Who Should Do a Strategic Default / Strategic Foreclosure?
The deeper underwater your mortgage is, the more reasonable it is to do a strategic default / strategic foreclosure to avoid bankruptcy. If you bought your house for $300,000, and it’s worth $250,000 now, you should probably hold on to it as the housing market improves and you can sell it for as much as, or more than, you paid.
But, if you bought your house for $300,000 and it is worth only $150,000 (a drop in value of 50%), then a strategic forclosure becomes much more sensible.
Factors to consider include:
- Will you be unbearably ashamed if your house goes into forclosure?
- Will your lower FICO credit score afterward prevent you from getting a new job?
- Do you have serious moral concerns about walking away from a debt?
A study by Morgan Stanley found a higher percentage of defaults were strategic defaults among people with higher FICO scores and larger loan balances.
However, the stigma of doing a default and foreclosure remains strong, so few people consider strategic defaults until their savings are almost depleted.
According to a recent report by the University of Chicago Booth School of Business and Northwestern University’s Kellogg School of Management, “strategic defaults” (walk-aways) now account for nearly one in three foreclosures. That’s up from 22% one year earlier.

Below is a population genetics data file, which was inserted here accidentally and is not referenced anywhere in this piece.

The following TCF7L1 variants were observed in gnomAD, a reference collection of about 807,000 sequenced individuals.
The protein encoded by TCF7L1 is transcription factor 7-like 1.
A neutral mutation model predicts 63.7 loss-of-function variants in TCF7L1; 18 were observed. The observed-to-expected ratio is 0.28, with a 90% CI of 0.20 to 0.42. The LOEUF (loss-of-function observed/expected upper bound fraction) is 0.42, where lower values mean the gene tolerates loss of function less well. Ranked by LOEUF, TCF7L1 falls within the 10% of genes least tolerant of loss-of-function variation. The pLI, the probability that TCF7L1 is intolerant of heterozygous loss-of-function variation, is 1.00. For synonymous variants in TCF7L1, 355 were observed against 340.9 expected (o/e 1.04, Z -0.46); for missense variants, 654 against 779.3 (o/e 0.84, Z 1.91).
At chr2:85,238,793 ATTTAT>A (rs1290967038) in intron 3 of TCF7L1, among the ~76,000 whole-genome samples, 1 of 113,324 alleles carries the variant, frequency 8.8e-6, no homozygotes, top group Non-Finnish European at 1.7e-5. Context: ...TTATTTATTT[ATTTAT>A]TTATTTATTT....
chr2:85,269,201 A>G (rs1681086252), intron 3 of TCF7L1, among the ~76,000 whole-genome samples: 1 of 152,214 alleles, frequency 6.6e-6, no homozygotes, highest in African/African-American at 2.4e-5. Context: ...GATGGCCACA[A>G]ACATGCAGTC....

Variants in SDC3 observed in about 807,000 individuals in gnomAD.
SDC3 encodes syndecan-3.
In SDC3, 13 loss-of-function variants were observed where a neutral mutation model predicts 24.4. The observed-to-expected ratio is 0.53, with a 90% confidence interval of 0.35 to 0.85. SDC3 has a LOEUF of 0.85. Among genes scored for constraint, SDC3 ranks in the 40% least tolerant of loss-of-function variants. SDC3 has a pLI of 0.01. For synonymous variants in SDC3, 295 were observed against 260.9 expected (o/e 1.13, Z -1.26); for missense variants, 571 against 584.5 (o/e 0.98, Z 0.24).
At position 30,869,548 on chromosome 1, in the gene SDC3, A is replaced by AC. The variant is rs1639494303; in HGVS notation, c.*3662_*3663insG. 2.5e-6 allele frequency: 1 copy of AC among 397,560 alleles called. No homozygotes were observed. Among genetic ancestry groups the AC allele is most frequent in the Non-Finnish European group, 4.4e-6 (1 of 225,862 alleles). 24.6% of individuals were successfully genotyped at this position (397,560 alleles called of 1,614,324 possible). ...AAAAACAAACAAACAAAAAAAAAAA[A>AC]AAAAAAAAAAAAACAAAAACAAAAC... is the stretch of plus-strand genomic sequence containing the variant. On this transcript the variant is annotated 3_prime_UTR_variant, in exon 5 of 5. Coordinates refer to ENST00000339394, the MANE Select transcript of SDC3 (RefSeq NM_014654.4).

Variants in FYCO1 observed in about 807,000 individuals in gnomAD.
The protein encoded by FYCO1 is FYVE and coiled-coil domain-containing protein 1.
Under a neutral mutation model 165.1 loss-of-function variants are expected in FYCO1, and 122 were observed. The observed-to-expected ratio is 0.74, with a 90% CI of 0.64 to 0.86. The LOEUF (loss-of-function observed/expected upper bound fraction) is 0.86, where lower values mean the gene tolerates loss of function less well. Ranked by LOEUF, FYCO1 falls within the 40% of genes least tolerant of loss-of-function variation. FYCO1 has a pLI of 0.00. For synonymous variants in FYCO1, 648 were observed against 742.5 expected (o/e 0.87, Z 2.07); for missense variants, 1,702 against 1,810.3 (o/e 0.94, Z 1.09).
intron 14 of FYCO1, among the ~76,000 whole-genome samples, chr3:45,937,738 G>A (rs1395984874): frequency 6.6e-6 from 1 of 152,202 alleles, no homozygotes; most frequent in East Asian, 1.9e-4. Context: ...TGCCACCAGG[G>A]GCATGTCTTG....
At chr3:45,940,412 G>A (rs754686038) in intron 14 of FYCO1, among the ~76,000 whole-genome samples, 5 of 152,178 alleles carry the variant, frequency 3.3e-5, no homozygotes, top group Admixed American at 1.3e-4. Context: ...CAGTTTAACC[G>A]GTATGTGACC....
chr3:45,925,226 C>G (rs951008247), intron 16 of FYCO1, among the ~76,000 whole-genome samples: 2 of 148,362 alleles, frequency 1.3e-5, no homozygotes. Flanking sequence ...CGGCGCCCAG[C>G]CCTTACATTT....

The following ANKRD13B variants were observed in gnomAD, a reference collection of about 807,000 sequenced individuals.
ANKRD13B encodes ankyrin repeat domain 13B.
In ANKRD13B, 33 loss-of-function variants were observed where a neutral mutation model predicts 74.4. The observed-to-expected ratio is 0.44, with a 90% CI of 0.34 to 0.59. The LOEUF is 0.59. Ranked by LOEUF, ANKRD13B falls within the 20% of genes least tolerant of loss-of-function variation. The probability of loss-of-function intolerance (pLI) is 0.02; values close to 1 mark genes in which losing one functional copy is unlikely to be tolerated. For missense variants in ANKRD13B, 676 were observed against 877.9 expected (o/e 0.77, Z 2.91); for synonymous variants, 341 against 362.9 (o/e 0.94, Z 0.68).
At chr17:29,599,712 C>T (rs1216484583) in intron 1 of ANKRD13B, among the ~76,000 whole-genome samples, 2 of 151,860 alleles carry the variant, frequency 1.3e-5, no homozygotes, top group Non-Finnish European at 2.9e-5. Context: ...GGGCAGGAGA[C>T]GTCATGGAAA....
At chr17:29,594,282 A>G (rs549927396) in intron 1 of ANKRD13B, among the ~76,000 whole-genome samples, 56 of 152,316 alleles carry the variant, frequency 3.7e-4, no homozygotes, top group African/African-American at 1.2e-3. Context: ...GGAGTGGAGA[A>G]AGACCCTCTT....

Homeowners doing a strategic default walk away when they are “underwater,” owing far more than the value of their home, because they realize that they are unlikely to ever recoup the losses. The further homeowners fall underwater, the more likely they are to walk.
Recent data shows about one in four U.S. homeowners being now or recently underwater, according to CoreLogic, a company that provides financial data. Nearly 5 million of those borrowers have mortgage debt which exceeds the value of their property by at least 25%. The total negative equity in these deeply underwater borrowers is an astounding $655 billion. So much for the notion that property only goes up in value!
Doing a Strategic Default is certainly not for everyone, but it does make sense for many.